But there is still a lot of work to be done. We are concerned about the sustainability of staffing levels in central government, and have questions about the limited budgets available to update ICT systems and about the lack of attention being paid to information security. The Tax and Customs Administration, for example, wants to be an effective, modern organisation but it still has a long way to go. The Ministry of Security and Justice is on the right path but it is still underestimating the very real challenge of being fully in control. The Ministry of Defence has been struggling for many years with problems that money alone cannot solve and there are still shortcomings in central government’s procurement procedures.

But the most shocking feature of 2017 is the lack of information on policy effectiveness at virtually all ministries and in virtually all policy fields. What are the true social impacts for people and businesses? Is the public getting value for money? The difficulties we have in answering these questions open the door to both unfounded criticism and unsubstantiated defences of the decisions taken, in sum they lead to fact-free politics.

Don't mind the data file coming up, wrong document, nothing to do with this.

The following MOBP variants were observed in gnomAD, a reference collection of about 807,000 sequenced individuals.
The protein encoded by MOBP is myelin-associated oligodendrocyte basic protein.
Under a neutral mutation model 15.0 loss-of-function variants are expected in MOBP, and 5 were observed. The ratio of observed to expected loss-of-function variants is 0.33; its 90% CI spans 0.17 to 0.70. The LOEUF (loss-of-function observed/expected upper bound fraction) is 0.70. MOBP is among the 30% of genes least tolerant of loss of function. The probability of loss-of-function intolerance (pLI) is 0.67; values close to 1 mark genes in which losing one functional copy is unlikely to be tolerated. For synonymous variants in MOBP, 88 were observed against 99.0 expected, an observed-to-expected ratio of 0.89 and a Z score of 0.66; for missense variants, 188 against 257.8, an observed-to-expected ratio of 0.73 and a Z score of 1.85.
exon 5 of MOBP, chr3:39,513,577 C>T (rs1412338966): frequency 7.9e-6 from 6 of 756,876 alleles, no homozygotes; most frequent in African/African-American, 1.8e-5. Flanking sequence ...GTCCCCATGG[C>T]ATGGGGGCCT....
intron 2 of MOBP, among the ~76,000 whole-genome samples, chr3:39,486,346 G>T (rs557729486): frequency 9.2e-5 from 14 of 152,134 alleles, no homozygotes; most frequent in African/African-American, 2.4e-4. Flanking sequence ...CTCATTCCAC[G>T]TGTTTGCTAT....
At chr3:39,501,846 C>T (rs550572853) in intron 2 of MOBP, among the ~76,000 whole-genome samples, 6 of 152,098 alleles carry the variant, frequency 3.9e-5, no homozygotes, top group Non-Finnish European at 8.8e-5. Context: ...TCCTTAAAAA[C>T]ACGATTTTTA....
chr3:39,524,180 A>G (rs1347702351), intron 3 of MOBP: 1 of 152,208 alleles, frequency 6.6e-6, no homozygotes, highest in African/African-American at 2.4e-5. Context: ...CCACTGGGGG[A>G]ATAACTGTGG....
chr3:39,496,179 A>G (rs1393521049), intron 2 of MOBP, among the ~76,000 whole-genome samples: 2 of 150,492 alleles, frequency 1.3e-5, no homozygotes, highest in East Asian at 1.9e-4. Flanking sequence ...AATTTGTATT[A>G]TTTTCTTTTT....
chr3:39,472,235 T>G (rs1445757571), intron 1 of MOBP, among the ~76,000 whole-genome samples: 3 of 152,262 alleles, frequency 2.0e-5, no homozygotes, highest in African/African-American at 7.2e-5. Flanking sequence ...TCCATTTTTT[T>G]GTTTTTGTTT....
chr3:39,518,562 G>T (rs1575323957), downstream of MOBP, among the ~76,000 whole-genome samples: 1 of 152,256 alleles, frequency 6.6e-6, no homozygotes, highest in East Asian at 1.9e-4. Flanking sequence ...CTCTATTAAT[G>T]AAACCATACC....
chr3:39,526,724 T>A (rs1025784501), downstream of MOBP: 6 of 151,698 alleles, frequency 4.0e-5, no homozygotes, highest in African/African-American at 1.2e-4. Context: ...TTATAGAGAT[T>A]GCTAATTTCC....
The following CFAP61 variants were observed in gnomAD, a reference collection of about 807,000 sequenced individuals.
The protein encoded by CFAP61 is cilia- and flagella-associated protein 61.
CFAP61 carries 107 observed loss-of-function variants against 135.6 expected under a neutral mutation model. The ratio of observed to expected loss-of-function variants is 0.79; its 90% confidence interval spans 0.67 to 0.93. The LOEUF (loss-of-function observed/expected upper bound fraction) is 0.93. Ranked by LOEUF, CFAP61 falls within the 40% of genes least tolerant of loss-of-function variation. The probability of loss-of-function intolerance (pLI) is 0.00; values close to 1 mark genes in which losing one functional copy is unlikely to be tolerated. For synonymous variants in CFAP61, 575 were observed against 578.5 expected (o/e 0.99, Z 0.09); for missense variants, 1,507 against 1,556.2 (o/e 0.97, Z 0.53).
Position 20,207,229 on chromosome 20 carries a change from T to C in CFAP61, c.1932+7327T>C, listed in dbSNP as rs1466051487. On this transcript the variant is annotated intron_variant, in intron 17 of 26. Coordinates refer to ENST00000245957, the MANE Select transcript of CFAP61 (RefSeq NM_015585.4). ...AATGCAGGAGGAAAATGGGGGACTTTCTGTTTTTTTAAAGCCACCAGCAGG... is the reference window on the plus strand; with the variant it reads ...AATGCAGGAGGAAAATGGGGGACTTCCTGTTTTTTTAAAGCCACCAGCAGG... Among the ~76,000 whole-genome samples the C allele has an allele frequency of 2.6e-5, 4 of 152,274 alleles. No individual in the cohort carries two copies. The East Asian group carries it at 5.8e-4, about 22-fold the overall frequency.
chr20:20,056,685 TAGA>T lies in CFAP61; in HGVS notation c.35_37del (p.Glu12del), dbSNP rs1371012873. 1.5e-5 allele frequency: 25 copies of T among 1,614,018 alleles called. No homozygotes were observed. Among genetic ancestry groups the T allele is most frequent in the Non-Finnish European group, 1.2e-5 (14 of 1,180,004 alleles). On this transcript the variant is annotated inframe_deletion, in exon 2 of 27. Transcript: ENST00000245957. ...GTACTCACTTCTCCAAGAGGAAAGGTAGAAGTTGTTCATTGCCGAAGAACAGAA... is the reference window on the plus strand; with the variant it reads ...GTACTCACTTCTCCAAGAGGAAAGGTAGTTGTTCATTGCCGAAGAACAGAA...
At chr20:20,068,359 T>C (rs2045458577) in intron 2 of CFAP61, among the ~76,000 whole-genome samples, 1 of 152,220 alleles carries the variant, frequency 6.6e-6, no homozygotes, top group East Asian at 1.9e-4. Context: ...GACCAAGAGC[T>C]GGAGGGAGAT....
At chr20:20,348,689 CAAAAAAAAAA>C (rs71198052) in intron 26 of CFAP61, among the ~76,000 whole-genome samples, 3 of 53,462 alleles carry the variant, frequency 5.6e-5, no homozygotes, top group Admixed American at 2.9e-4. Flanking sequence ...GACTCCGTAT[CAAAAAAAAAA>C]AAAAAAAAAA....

The need and utility of better information on the use of public money and its impact have been a recurrent theme in our reports for many years. A government that cannot adequately demonstrate the social benefits of public expenditure cannot adequately render account to the public. Four years ago we wrote in response to the central government accounts for 2012 that a good understanding of reality was a precondition for good public administration. The right to information is the cornerstone of parliamentary democracy. Good information is vital, and technological advances can help generate it, provided we are properly organised: we must be responsive, smart and lean.

Fortunately the Ministry of Finance and the Ministry of the Interior and Kingdom Relations are embracing the concept that the government must standardise, adopt uniform definitions, speak just one language and let other tiers of government talk in the same language. Youth policy can be successful if every municipality defines “the homeless” differently, but if the results of the 388 municipalities in the Netherlands cannot be compared their successes cannot be demonstrated. The same is true of education policy, where the relationship between funding and the quality of teachers cannot be demonstrated.